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For the AnimaPlus veterinary Group, the healthy of animals greatly depends on education of people. Feel free to read our many practical tips through our digital magazine. Good reading !

Love Heal Care

Dr Google

August 4, 2015

Your pet is acting strangely. Should this worry you? Should you call your veterinarian? Hum… Well, you think, why not look on Google first? Then you enter the symptoms and click on search.

Now that the Internet is part of our daily lives, it has never been easier to get information. Plus there are many sites. In veterinary medicine, we use Internet a lot. It allows us to recommend the official sites of veterinary medical centres and universities so people can search, at their own pace, for information concerning various medical conditions and often see photos of those conditions. But there are millions of non-official sites. Some may provide useful information, but not always…

Clients will search the Internet for information concerning their pets because they are interested and eager to understand their behaviour or condition. But some people are putting too much faith in information found on the Internet. They believe in what’s written by people like them and become wary about their veterinarian’s recommendations.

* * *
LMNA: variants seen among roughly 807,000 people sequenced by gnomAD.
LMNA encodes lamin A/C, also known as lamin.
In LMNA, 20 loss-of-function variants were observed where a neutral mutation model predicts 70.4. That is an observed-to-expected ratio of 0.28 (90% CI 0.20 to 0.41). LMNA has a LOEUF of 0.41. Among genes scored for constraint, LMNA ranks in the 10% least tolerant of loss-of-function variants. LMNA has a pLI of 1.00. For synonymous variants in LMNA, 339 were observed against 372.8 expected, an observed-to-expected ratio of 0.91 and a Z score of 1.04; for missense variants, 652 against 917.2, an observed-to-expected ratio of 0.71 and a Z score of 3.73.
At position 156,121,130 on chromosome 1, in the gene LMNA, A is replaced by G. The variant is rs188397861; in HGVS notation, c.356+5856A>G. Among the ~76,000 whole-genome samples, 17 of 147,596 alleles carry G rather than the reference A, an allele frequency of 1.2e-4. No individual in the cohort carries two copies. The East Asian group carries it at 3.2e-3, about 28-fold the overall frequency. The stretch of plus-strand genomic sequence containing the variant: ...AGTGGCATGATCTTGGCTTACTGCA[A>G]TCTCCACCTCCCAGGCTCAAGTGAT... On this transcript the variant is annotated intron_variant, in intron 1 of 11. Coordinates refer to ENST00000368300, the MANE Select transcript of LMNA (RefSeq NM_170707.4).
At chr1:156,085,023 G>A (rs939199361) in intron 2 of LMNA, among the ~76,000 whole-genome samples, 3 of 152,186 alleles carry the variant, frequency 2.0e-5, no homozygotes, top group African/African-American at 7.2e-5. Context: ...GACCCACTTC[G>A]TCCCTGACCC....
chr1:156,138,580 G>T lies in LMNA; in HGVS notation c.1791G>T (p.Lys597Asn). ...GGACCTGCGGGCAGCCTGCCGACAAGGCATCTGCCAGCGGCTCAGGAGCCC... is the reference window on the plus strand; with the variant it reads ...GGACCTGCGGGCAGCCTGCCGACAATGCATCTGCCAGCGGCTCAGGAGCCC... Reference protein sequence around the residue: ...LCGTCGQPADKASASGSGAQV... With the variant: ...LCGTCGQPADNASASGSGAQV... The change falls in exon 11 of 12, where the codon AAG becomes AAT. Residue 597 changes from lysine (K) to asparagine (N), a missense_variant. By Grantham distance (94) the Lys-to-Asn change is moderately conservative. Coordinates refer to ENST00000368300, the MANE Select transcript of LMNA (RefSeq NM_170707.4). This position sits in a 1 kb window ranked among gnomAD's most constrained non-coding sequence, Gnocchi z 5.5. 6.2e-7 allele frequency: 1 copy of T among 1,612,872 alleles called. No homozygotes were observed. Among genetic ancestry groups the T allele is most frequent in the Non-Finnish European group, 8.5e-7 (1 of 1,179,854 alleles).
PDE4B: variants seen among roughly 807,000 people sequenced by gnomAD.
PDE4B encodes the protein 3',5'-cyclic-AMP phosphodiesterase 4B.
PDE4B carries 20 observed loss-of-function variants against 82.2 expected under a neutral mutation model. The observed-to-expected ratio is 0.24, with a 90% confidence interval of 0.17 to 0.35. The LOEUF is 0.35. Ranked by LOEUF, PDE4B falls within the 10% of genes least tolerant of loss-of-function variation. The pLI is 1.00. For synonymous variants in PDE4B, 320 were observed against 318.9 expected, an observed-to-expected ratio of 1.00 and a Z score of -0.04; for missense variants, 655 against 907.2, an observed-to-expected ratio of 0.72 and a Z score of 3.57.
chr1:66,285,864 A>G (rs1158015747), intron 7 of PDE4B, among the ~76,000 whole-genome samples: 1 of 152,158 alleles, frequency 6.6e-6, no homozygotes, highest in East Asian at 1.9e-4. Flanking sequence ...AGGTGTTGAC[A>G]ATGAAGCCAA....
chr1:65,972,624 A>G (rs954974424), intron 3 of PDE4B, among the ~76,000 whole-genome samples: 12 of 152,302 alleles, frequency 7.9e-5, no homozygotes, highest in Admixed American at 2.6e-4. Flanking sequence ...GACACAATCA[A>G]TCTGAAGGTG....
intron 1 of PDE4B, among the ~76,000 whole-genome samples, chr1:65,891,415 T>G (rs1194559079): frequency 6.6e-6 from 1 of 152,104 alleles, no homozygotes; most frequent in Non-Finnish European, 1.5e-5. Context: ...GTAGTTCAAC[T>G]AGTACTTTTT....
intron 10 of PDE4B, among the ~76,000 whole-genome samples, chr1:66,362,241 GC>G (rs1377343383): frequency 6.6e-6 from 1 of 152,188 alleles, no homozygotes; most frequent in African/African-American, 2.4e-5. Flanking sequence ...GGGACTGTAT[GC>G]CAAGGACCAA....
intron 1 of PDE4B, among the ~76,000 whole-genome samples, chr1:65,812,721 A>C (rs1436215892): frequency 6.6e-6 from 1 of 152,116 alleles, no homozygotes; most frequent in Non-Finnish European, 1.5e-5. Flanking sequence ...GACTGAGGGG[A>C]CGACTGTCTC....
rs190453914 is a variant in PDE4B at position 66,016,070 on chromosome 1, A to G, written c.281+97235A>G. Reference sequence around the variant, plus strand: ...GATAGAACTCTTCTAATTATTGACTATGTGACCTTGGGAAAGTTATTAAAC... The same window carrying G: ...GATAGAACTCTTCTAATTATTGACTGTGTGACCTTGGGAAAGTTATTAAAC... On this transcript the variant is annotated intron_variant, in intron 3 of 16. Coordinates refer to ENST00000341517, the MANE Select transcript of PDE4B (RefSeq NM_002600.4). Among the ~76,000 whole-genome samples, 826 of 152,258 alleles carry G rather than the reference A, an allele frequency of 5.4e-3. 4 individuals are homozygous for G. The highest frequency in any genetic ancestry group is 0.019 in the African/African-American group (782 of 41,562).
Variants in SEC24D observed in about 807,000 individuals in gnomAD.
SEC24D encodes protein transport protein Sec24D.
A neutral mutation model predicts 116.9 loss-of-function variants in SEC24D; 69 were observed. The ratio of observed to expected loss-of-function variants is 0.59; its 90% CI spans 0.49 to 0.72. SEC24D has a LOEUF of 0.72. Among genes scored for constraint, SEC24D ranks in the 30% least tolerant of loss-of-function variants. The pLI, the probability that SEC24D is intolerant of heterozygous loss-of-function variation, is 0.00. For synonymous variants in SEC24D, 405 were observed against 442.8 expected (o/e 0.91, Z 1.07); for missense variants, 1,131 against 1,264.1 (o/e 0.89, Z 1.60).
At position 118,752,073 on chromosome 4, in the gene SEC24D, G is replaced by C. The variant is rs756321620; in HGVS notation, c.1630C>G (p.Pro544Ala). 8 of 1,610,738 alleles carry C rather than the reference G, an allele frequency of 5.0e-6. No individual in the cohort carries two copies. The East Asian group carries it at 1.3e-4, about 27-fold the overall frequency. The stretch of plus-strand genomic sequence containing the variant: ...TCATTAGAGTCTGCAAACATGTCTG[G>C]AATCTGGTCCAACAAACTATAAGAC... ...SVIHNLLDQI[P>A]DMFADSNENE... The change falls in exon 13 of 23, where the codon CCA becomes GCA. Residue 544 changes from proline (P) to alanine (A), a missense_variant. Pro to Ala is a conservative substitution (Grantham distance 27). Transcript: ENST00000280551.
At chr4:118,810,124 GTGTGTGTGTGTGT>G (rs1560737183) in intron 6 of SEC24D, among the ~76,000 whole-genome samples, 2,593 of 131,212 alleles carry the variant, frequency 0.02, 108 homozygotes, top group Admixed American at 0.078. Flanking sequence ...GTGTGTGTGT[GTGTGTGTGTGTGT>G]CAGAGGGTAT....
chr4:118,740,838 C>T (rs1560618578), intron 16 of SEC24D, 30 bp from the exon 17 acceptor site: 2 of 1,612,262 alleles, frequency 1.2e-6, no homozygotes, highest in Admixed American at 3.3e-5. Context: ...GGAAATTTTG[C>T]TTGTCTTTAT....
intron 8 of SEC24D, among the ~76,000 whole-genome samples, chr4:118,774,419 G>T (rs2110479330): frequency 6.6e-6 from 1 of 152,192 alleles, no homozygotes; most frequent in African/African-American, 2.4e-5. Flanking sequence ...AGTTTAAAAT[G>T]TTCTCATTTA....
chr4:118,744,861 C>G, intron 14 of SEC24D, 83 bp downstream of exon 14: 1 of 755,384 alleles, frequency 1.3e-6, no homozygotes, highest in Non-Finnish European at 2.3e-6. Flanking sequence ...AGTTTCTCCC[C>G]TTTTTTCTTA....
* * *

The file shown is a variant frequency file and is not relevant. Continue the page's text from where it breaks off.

The Internet must be used as a complement of information and to seek “demonstrations” of what your veterinarian has told you, not to verify if it’s true. If you are wary about your veterinarian’s recommendations, you can certainly ask for a second opinion, either at one of his/her colleagues or consult a veterinarian at another clinic.

The danger of the Internet is that you can find information that is incorrect or not accurate. It may harm your pet by delaying the diagnosis and the treatment that is needed. Many pets are diagnosed by owners that have consulted the Internet and then delay a visit to the vet. Some people even administer their own medication (for human use) without validating with their vet if this is safe and what are the doses required. It may be very harmful because it can conceal a deterioration of the pet’s health and even cause very severe adverse effects. Some medication for humans may cause a pet’s death (for example, Tylenol, acetaminophen is deadly toxic to cats and may have severe adverse effects for dogs).

So when your cat or dog is not feeling good, it’s preferable to call upon your team of veterinarians. They will give you good advice and evaluate if you should bring your pet for a consultation. Knowing that your pet is not feeling good, we will be able to assess its condition better. And if necessary, we can mention Internet sites from veterinary centres where you will find accurate information about the health of your pet.

 

 

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